Since arriving on Dec. 3, 2018, the OSIRIS-REx spacecraft has orbited the asteroid Bennu more than a dozen times. In this period, researchers at NASA and the University of Arizona have examined the surface and composition of the 1,614 ft. asteroid, answering some questions and creating many more.
OSIRIS-REx is a NASA and UA asteroid study and sample-return mission. Launched September 2016, the goal is for the spacecraft to collect a sample of dust and rock from Bennu, aiding research on the history of our solar system and life on Earth. It is expected to return with its sample in September 2023.
The involved scientists recently published the largest collection of information gathered from this mission thus far, a series of eight scientific papers across several journals. Here are five key findings:
Bennu's surface is rougher
than expected. Possibly the most important announced discovery is the roughness of Bennu's surface. Scans reveal Bennu is "packed with more than 200 boulders larger than 33 feet (10 m) in diameter and many more that are 3 feet (1 m) or larger. The largest boulder measures 63 yards (58 m) across." This is a far cry from the originally expected surface of gravel and pebbles. This complicates the original plan for the spacecraft to collect its sample; instead of having roughly half a football field to navigate in, OSIRIS-REx will have to collect a sample in a site half the size of a basketball court or smaller.
"Despite these newly found challenges, our team is confident that we will meet the science objectives," said Dante Lauretta, OSIRIS-REx principal investigator and UA professor of planetary science. "The OSIRIS-REx team designed the mission with flexibility and capabilities to deal with the unknown, and we are prepared to answer the challenges Bennu has given us."
Bennu is one of the darkest
objects in the solar system. High resolution images shot with OSIRIS-REx's multiple cameras reveal Bennu reflects only 4 percent of sunlight. This is due to Bennu being a carbonaceous asteroid, meaning its composition includes a large amount of naturally dark carbon. However, researchers also found Bennu's surface to possess a higher-than-expected variety of albedo, or solar reflection. Meaning the brightness of Bennu's surface varies greatly from one area to the other, due to the rough surface. This presents an unexpected challenge for the spacecraft's laser scanning system, or lidar.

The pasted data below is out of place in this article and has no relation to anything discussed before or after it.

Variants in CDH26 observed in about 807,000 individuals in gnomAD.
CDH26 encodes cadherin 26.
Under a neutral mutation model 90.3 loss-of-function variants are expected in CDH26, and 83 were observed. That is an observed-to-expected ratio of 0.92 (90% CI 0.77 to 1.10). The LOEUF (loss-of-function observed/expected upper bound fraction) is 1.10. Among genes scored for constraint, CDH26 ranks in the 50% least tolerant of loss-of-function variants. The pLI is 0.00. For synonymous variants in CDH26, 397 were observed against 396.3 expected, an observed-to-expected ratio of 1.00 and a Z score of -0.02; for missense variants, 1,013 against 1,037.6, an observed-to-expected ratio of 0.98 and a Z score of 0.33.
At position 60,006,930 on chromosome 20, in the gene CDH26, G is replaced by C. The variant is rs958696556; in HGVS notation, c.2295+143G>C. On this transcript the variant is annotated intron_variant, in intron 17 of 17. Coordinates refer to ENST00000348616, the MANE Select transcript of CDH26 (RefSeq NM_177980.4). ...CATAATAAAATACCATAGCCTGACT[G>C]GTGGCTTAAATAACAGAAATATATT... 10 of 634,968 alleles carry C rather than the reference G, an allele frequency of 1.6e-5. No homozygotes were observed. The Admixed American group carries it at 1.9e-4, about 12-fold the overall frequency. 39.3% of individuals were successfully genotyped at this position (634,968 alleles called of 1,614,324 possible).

"We did not predict the varied albedo," said OSIRIS-REx Science Team lead Michael Nolan. "... bright spots could confuse the lidar, but they make navigating by visual landmarks much easier, as computer algorithms can more easily find odd-shaped bright rocks on a dark background than subtle terrain changes."
Bennu is a rubble pile.
With a "spinning-top shape" already known before arrival, Bennu's surface is older than expected, but shows evidence of recent activity. Scientists describe this as a "dynamic surface," formed from multiple collisions with smaller asteroids. Bennu also contains a lot of empty space, up to 60 percent, but its shape indicates interior stiffness, with enough internal strength to allow the surface to crack.
"The ruggedness of the terrain was certainly something we thought possible, though there are definitely more large rocks than we expected," Nolan said. "We did not really expect the rockiness to be quite so uniform over the surface based on data from other missions. Now we are studying the surface to select areas that are both free of large hazards and that have material small enough to sample—essentially coarse gravel. We have identified quite a few potential sites that we are studying in more detail."
Bennu has water in its past.
The first scientific data returned from the OSIRIS-REx mission was visible and infrared imaging that revealed hydrated minerals on Bennu's surface. For hydrated minerals to be formed, they must come in contact with water at some point in the past. Hydrated minerals are "ubiquitous across the surface of the asteroid," and while Bennu is too small to have ever hosted liquid water, the finding indicates liquid water was present at some time on Bennu's parent body, a much larger asteroid.
"These hydrated minerals have evidence of liquid water in Bennu's past," said Amy Simon, Deputy Instrument Scientist for OSIRIS-REx. "It's one of the things we were hoping to find... we're super excited."
Bennu is spinning faster.
Bennu's rotation is steadily accelerating at about one second per century. This increase is due to the YORP effect, where differences on the surface of a small astronomical body unequally scatter solar radiation. Due to Bennu's aforementioned roughness and variety of albedo, it is catching and reflecting sunlight at different angles, causing its rotational rate to drift. Researching this phenomenon is one of the original goals of the OSIRIS-REx mission.
These findings are in several Nature Publishing Group journals. With the sample acquisition planned for July 2020, there is still ample time for more scientific observation and discovery at the asteroid.
"We don't have a detailed schedule for future publications: We worked hard to get an initial batch of information out as soon as we could (that is, last week), but future papers are likely to be less scheduled," Nolan said. "There are several papers already in work."